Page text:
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to Section One | to Arts & Entertainment
posted Friday, October 17 2014 - Volume 42 Issue 42
Intriguing Lilting an unrealized character study
Arts & Entertainment
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Intriguing Lilting an unrealized character study

by Sara Michelle Fetters - SGN A&E Writer

LILTING
VARSITY THEATRE
October 17-23


Cambodian-Chinese immigrant Junn (Cheng Pei Pei) is in London to be with her beloved son Kai (Andrew Leung). When he dies with crippling suddenness, the still vibrant woman, having never learned English or attempted to assimilate in any way, literally finds herself a stranger in a strange land - a land she has been living in, but never truly thought of as home. Making things stranger is the appearance of Richard (Ben Whishaw), a young Londoner who for some reason seems intent on worming his way into her life for reasons she can't begin to comprehend.

To facilitate communication, interpreter Vann (Naomi Christie) makes an entrance, valiantly trying to help Junn understand why Richard is so adamant to become a part of her life. She also, somewhat inadvertently, aids a burgeoning romance between the grieving mother and her assisted living facility's resident lothario Alan (Peter Bowles). Her attempts at spelling out what is going on and why more often than not end up resulting in more, not less, confusion. In the end it is what is unsaid, what remains unspoken, that ultimately allows Junn and Richard to bond and for both to realize just how important Kai was to the both of them.

Lilting. Oh, Lilting. How I wish I liked you more than I actually do. Featuring a nicely modulated script, constructed with delicately refined grace, writer/director Hong Khaou certainly does nothing to embarrass himself with his feature length debut. His characters ooze authenticity, the relationship between Junn and Richard touching and affective, rarely reaching for melodramatic treacle in order to sell any of its core ideas. In all the ways that matter, it's a very good movie, sometimes more than that, and as such it's a difficult one for me to fault even when aspects don't quite come together as nicely as I hoped they would.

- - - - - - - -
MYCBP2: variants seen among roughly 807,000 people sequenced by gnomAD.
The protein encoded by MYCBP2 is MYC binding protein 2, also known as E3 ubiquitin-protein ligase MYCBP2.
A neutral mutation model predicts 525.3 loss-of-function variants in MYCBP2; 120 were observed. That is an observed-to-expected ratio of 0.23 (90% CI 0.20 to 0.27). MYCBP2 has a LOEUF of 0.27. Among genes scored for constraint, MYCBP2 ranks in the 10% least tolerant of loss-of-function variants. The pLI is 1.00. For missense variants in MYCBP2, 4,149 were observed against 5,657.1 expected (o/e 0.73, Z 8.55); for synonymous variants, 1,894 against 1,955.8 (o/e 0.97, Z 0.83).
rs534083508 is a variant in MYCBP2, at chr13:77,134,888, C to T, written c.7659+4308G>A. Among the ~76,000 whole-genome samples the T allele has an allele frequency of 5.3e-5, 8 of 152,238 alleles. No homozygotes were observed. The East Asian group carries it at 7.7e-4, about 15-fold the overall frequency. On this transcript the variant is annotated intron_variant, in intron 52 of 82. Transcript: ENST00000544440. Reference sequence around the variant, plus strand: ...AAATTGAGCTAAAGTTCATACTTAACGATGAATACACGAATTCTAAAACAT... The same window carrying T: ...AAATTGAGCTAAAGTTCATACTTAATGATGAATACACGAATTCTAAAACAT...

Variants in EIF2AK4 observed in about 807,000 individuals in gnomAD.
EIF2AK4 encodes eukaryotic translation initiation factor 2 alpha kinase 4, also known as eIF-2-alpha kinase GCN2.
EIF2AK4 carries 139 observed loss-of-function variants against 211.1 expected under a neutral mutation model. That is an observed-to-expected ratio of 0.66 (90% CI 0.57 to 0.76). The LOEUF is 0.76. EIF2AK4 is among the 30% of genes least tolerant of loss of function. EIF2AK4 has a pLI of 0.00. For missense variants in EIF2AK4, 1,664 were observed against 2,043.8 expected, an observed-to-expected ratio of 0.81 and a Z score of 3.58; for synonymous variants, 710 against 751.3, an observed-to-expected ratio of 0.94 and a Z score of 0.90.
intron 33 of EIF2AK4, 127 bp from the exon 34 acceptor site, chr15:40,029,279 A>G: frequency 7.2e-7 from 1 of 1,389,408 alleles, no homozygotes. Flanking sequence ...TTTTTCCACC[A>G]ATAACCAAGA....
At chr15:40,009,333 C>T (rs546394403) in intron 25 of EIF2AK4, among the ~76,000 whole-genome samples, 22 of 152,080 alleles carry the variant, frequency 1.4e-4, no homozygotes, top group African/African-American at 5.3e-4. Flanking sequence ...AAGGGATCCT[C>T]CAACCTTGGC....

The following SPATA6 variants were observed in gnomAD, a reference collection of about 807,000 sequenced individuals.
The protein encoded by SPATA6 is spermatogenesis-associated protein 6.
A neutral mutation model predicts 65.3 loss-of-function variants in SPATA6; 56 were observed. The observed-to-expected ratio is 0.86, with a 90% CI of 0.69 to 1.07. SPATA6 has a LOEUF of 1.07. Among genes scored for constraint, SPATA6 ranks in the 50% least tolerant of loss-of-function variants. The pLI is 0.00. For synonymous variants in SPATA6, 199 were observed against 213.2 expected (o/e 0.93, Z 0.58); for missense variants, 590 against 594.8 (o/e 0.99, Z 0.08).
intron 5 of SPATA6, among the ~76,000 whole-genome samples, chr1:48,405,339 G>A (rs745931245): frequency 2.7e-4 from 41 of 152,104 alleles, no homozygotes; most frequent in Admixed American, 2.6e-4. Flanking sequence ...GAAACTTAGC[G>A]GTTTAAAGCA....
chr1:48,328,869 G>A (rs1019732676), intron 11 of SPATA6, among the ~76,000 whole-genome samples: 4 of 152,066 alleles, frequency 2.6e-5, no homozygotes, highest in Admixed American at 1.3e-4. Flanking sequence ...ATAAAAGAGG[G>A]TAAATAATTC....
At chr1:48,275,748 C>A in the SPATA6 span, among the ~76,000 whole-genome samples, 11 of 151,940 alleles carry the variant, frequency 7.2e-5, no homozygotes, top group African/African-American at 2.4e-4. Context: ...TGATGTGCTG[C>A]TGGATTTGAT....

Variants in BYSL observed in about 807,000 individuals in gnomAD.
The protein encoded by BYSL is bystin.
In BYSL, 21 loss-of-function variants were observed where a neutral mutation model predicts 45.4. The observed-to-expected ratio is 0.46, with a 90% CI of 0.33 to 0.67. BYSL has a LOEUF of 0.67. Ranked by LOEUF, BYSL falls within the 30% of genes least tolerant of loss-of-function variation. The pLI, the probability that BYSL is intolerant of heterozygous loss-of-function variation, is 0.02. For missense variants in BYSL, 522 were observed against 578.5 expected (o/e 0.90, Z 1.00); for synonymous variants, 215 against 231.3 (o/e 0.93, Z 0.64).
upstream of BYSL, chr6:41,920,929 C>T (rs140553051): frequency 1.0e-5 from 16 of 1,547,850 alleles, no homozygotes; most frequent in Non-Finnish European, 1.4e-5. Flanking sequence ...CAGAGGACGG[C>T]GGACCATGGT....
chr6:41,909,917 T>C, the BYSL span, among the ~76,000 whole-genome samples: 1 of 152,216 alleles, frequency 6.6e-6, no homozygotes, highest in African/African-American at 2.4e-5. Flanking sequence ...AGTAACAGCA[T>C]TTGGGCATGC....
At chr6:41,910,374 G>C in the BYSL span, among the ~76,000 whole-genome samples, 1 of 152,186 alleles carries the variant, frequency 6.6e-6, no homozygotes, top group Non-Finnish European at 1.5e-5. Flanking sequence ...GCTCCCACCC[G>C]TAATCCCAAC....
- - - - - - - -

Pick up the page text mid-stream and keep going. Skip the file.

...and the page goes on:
And yet, Lilting didn't do it for me. For whatever reason the balance between the comedic and dramatic aspects left me unmoved, and as great as both Pei Pei and Whishaw are - and they are both terrific - the balance between their evolving relationship and how they interact with others in the wake of Kai's death left me cold. At certain points it all felt like some nicely shot, expertly scored and intimately designed Wong Kar Wai wannabe, an In the Mood for Love variation, but without that film's grace, potency or poignant emotional oblivion.

I think my main issue is that it seemed like I could always see the mechanics of the movie too clearly, that I always knew where it had to go, even if Khaou was going out of his way to keep things close to the vest and somewhat nondescript. It was like it was trying too hard to win me over, which is odd considering my statements in regards to the picture's subtlety and restraint, and yet that feeling frustratingly remains nonetheless.

Yet there are moments, little bits of whimsical, almost off-hand interpersonal give and take, where the film comes alive in aspects that are striking, leaving me almost in awe and wanting to experience more. The ways in which Junn and Richard learn to communicate, as well as come to grips with the fact the former knew nothing of the relationship her son had with the latter, is sublime, the inherent emotionalism of the piece warmly sweeping me up inside its tender embrace with loving frequency.

Problem is, I wanted more. I wanted to live inside both Junn and Richard's worlds more fully, more completely than I felt like I was getting the opportunity to. In reaching for restraint, by going out of his way to not overplay his hand, Khaou inadvertently put me at arm's length from his characters and his story more often than I felt happy with. The great stuff is so amazing, so wondrous, that I wanted far more of it than the movie sadly had to offer, leaving an odd, somewhat frustrated aftertaste in my mouth I was never able to shake.

Lilting is worthwhile, and I can only assume most are going to respond to it with far more passion and positivity than I sadly did. But for me Khaou's movie feels unrealized, half-baked, ultimately having an unfinished quality to its central dramatics that made me uncomfortable. To that end I can't help but look at it as nothing more than an intriguing debut, nothing more, never entirely living up to the promise continually hinted at as Junn and Richard's stories gradually move towards culmination.

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